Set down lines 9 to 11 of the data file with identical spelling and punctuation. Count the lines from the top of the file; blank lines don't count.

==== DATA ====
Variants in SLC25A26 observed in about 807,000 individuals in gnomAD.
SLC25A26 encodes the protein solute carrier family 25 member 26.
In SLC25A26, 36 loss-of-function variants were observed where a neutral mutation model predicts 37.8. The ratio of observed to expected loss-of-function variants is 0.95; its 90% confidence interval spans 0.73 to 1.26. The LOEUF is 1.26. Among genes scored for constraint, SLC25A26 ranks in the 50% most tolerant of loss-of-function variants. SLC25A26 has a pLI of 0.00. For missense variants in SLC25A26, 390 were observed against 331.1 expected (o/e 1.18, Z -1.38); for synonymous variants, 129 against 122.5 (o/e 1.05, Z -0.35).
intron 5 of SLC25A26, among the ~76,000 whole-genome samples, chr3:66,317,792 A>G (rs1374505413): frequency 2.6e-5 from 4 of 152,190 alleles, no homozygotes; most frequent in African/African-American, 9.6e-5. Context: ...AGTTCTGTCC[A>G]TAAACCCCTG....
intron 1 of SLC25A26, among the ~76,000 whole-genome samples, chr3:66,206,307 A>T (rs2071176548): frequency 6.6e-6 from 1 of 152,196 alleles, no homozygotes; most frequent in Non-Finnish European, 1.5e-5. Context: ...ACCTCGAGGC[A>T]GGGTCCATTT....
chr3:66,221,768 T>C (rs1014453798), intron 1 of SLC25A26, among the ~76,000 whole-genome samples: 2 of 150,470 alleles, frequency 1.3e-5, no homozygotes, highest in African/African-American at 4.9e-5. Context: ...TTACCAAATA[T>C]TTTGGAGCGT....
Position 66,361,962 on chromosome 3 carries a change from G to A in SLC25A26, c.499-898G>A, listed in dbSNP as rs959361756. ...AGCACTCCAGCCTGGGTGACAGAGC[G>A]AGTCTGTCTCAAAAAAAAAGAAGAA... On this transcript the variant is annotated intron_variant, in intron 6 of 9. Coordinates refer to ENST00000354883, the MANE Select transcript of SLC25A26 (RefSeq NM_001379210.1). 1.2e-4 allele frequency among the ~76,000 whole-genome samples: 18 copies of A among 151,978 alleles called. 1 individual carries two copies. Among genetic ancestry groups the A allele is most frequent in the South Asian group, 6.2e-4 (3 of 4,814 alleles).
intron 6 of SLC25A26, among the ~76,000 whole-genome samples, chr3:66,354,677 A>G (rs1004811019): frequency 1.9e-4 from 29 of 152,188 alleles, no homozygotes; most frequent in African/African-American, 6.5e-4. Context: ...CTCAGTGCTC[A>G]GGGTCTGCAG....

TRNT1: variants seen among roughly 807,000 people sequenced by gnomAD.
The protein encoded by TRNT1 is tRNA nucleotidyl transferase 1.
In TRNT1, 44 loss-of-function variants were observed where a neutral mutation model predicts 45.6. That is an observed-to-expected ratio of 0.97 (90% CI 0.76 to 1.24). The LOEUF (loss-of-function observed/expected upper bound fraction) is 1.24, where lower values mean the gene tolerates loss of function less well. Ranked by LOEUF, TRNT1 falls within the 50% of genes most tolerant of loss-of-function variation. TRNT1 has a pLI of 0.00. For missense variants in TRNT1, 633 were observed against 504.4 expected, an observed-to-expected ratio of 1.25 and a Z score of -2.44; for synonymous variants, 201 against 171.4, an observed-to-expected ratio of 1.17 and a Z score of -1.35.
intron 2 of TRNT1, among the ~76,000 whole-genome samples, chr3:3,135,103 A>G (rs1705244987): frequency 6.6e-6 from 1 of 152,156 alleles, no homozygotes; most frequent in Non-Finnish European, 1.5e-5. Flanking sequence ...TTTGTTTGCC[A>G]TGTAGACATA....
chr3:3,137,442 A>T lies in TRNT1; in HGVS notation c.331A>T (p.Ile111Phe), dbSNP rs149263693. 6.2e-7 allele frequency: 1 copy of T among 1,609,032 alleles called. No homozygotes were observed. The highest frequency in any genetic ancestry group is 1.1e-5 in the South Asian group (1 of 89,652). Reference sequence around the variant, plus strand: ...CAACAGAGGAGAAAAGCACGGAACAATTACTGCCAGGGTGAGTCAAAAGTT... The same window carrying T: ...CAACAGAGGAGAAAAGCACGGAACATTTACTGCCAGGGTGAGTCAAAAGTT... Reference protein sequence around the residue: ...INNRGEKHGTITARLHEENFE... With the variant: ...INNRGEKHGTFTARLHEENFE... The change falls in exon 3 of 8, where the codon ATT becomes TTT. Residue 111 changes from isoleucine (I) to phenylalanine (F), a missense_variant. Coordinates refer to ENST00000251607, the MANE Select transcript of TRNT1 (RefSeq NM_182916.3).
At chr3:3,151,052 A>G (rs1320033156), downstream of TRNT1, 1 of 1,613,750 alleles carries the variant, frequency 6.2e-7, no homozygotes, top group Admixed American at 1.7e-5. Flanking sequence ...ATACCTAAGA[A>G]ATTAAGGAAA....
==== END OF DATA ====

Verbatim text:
TRNT1: variants seen among roughly 807,000 people sequenced by gnomAD.
The protein encoded by TRNT1 is tRNA nucleotidyl transferase 1.
In TRNT1, 44 loss-of-function variants were observed where a neutral mutation model predicts 45.6. That is an observed-to-expected ratio of 0.97 (90% CI 0.76 to 1.24). The LOEUF (loss-of-function observed/expected upper bound fraction) is 1.24, where lower values mean the gene tolerates loss of function less well. Ranked by LOEUF, TRNT1 falls within the 50% of genes most tolerant of loss-of-function variation. TRNT1 has a pLI of 0.00. For missense variants in TRNT1, 633 were observed against 504.4 expected, an observed-to-expected ratio of 1.25 and a Z score of -2.44; for synonymous variants, 201 against 171.4, an observed-to-expected ratio of 1.17 and a Z score of -1.35.